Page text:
School leaders have identified, and ERO's evaluation affirms, the need to continue to strengthen teacher capability in departmental and class use of assessment information. This should better inform planning and teaching, and assist teachers to evaluate lesson and programme effectiveness for learners at risk of not achieving equitable outcomes.

3 Curriculum

How effectively does this school’s curriculum promote and support student learning?

The school’s broad based curriculum provides many opportunities for students to participate and celebrate success in a wide range of academic, sporting, cultural and leadership activities. Pathways, including the Academy, Gateway, Secondary Tertiary Alignment Resource (STAR) and Industry Training Organisation programmes, provide options for senior students, who receive sound careers advice and guidance.

TheNew Zealand Curriculum key competencies and values underpin department schemes, planning and reporting. There is a clear schoolwide focus on subject specific vocabulary to improve student literacy skills. Aspects of the curriculum are regularly reviewed to ensure continued relevance and reflection of the diverse cultures in the school. Student feedback is a significant part of curriculum review and design.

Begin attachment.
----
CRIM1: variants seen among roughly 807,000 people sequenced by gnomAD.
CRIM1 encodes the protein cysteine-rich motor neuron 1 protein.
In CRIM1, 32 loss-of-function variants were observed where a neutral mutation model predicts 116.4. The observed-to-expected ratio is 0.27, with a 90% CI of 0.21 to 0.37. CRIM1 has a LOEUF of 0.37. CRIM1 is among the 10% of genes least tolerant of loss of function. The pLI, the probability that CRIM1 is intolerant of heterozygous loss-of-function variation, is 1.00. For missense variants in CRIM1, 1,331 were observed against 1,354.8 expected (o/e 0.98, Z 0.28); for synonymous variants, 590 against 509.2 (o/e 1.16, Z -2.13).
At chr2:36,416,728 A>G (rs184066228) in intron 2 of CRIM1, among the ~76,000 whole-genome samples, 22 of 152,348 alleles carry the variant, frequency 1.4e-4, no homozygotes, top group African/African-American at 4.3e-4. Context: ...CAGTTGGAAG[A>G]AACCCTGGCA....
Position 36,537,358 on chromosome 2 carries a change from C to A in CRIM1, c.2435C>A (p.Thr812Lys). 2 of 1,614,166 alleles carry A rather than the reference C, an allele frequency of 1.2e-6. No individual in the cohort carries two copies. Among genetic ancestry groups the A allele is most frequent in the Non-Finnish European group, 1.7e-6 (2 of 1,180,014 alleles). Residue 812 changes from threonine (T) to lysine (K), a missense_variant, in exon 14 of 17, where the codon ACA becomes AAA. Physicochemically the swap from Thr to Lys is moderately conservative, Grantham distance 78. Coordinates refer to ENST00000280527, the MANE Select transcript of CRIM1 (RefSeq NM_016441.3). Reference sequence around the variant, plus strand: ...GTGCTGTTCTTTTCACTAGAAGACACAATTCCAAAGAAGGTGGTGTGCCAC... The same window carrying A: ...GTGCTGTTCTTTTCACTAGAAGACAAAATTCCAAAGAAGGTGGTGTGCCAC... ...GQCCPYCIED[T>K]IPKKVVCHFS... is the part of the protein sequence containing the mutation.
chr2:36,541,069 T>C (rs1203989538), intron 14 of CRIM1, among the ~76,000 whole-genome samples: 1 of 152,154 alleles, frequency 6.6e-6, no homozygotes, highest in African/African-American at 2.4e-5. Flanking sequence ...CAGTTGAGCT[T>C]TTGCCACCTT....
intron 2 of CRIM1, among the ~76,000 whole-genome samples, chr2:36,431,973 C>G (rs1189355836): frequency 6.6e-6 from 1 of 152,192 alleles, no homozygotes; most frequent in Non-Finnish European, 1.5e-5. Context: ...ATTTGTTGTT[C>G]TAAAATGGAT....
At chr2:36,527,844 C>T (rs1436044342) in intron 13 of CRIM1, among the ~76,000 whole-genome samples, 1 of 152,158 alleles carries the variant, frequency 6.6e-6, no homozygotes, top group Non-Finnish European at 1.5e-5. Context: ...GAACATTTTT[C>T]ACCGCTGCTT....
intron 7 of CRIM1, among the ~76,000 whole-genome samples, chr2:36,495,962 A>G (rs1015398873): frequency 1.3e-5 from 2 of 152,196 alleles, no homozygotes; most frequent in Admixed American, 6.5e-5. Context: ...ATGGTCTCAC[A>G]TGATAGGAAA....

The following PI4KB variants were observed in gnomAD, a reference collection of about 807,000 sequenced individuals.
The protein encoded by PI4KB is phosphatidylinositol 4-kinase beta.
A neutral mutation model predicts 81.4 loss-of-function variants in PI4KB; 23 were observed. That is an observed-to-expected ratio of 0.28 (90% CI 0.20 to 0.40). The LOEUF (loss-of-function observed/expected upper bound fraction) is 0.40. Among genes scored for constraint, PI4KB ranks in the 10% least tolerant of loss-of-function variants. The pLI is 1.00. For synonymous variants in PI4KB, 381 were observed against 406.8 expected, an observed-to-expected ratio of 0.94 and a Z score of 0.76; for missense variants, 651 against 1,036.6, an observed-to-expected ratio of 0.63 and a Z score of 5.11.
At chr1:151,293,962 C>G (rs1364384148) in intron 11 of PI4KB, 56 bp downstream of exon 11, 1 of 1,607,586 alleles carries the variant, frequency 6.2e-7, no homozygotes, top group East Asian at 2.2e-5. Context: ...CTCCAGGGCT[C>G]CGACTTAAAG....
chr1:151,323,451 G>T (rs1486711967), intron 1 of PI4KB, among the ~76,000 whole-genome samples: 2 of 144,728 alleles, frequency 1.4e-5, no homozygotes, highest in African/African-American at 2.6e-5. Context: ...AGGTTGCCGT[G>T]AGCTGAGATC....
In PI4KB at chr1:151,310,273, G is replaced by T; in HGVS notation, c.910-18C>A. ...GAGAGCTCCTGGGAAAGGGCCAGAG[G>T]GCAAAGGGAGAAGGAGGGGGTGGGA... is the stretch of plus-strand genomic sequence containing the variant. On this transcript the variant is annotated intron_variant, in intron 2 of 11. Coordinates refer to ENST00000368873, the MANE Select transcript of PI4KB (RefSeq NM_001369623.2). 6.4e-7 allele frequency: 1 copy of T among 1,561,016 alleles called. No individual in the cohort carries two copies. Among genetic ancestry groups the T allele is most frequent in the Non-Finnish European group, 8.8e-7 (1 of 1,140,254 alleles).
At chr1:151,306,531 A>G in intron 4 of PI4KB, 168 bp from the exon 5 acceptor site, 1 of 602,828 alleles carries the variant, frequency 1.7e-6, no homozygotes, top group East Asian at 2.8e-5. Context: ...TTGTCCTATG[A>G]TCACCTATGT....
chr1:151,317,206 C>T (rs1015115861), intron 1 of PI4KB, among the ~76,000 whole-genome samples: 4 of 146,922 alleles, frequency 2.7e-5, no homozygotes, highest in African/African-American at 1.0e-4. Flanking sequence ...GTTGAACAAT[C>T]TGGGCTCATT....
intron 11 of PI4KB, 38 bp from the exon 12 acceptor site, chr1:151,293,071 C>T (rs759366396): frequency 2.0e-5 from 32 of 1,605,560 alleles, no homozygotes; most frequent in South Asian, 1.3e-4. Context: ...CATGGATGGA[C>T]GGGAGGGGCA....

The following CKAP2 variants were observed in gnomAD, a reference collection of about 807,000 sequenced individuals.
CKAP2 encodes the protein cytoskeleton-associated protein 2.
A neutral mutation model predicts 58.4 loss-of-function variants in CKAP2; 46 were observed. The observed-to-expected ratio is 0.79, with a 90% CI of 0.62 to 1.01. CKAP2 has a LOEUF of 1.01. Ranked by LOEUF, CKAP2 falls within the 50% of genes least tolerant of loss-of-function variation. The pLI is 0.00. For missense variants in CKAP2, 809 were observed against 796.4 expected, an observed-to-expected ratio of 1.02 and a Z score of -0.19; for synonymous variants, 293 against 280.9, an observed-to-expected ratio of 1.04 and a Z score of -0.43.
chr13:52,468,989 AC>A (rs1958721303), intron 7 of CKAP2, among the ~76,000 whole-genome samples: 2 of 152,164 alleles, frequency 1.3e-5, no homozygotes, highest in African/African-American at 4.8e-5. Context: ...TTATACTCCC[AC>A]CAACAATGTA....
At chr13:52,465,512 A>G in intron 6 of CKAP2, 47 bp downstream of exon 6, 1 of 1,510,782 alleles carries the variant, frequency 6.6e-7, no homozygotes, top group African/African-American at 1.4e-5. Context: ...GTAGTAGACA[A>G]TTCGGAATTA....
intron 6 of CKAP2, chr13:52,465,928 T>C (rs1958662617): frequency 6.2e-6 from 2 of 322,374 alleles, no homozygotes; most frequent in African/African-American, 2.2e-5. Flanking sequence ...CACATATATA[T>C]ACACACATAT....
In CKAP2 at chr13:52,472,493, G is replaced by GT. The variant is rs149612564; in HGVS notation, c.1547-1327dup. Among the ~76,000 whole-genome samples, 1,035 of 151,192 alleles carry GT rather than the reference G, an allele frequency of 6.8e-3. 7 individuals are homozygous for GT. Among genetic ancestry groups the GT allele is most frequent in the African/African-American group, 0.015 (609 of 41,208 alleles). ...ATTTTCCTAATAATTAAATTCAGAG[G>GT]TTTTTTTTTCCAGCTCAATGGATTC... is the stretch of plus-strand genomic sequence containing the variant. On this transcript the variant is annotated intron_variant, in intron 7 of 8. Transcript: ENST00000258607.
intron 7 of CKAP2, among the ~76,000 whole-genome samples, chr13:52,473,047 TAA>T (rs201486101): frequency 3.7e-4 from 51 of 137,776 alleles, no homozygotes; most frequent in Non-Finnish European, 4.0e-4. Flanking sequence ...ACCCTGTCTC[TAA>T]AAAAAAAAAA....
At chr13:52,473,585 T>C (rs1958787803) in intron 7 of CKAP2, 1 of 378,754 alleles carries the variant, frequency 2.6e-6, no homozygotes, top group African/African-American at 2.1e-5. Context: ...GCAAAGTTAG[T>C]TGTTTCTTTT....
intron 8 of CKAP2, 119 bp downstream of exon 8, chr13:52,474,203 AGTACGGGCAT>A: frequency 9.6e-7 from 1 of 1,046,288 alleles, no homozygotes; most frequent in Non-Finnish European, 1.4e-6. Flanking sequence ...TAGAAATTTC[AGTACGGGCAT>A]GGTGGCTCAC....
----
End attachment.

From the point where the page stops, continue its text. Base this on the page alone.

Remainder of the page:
ERO observed classes where teachers use a range of effective strategies to support students' learning. Classes were well settled with students on task and engaged in their work. There are positive relationships among students and teachers. Digital technology is used as an effective tool to support student engagement and learning.

An effective model guides teachers' inquiry into their practice. There is an appropriate focus on using professional learning and development and appraisal to support ongoing development of teaching practice.

How effectively does the school promote educational success for Māori, as Māori?

The school’s strong commitment to increasing success for Māori students as Māori is highly evident in daily practices, routines and interactions. Māori language, values and tikanga are well embedded. Leaders have committed to Kia Eke Panuku: Building on Success, a professional development initiative to support the aspirations of the Māori community by encouraging Māori students to pursue their potential. Key practices include:

  • identifying improved learning outcomes for Māori students as a strategic priority
  • incorporating aspects of te reo me ngā tikanga Māori into the curriculum
  • recognising and celebrating Māori achievement
  • providing positive role models to encourage high aspirations